Founding pastor of Christ Church in Oak Brook, IL.
DeKruyter offers a case study of how he started with the calling from five couples in the suburban Oak Brook Village, to watch the the Holy Spirit grow a dynamic suburban ministry. I appreciated his humble and practical approach to contextual ministry. He resists the universalizing and stereotyping tendencies to speak of suburbia as a homogenous people group. All suburbs are unique places, just like every place, and require the attentiveness of missional leaders to discern what the Spirit is doing in that place and how to serve the community and draw people into the worship of God.read more
A pastor emailed me this week to inquire about the recruiting process for the Deep in the Burbs Action Research Team. Two lines jumped out and haunted me. The pastor writes:
As I enter into the fabric of this congregation I encounter stressed frenetic lives who are in survival mode. I asked a couple today about commiting to Monday nights and they described a near breakdown trying to keep up with all the demands of family.
Stressed. Frenetic. Survival. Breakdown. Demands. These are key words to the suburban existence.read more
I decided to read The Blackwell Companion to Christian Spirituality. It has occured to me that I have become bogged down in the epistemological concerns section of the dissertation and have not attended well to the actual core of my research, which is the topic of spirituality. Thus, I have endeavored to read this primary text which, editor Holder says, maps out the basic program for the PhD in Spirituality at Graduate Theological Union. It is probably an important document for me to know well.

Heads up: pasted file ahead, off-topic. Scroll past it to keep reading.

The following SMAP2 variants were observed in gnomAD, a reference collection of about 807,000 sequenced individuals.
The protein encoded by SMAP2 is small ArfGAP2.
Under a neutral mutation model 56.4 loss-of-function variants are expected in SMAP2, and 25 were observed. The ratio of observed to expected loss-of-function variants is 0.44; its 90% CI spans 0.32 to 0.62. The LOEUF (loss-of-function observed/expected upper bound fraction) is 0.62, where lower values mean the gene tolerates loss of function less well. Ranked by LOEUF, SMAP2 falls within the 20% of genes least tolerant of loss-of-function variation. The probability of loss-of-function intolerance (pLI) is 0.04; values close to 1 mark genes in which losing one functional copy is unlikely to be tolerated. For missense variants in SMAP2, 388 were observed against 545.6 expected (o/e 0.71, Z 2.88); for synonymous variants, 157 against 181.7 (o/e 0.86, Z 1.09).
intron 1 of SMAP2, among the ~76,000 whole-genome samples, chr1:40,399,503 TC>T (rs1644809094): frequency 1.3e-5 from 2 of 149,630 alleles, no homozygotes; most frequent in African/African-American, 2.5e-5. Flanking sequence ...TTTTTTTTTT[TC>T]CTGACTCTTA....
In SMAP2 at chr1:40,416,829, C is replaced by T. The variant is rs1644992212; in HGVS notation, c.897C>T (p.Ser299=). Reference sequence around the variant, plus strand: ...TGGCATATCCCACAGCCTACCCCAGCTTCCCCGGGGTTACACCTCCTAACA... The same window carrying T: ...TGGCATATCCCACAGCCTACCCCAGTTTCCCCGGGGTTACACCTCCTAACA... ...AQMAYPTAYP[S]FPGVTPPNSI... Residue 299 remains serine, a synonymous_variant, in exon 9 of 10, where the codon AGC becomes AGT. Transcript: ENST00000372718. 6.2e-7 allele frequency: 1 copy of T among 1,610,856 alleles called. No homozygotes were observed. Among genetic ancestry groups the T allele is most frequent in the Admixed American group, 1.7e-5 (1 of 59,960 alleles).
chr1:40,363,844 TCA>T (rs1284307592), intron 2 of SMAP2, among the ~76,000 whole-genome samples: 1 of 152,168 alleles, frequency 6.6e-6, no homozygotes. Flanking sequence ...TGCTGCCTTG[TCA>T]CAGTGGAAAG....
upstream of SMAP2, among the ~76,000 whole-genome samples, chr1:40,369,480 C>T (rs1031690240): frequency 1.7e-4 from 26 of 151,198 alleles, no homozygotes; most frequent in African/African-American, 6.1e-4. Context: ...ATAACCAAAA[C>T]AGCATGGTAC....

Today I read this quote from Bonnie Thurston in her essay, “The New Testament in Christian Spirituality.” She says,read more
Myron Orfield identifies six distinct types of suburban communities:
at-risk low density,
affluent job centers, and
very affluent job centers.
These six types represent one of the greatest challenges of suburbia: the socio-economic stratification of the suburban population. (31-48)
Social separation leaves middle-class children in overcrowded, underfunded schools, but its more powerful harms accrue to the poor people of color left behind in communities of concentrated poverty in many American cities and some older suburbs. Neighborhoods of concentrated poverty destroy the lives of the people trapped in them and create a growing social and fiscal cancer in the midst of previously healthy communities. In cities and older suburbs, as joblessness, racial segregation, and single-parent families come to dominate neighborhoods, residents are cut off from middle-class society and the private economy. Individuals, particularly children, are deprived of successful local role models and connections to opportunities outside their neighborhood. A distinct society emerges with expectations and patterns of behavior at odds with middle-class norms, and the ‘exodus of middle and working-class families from ghetto neighborhoods removes an important social buffer. (53-54)read more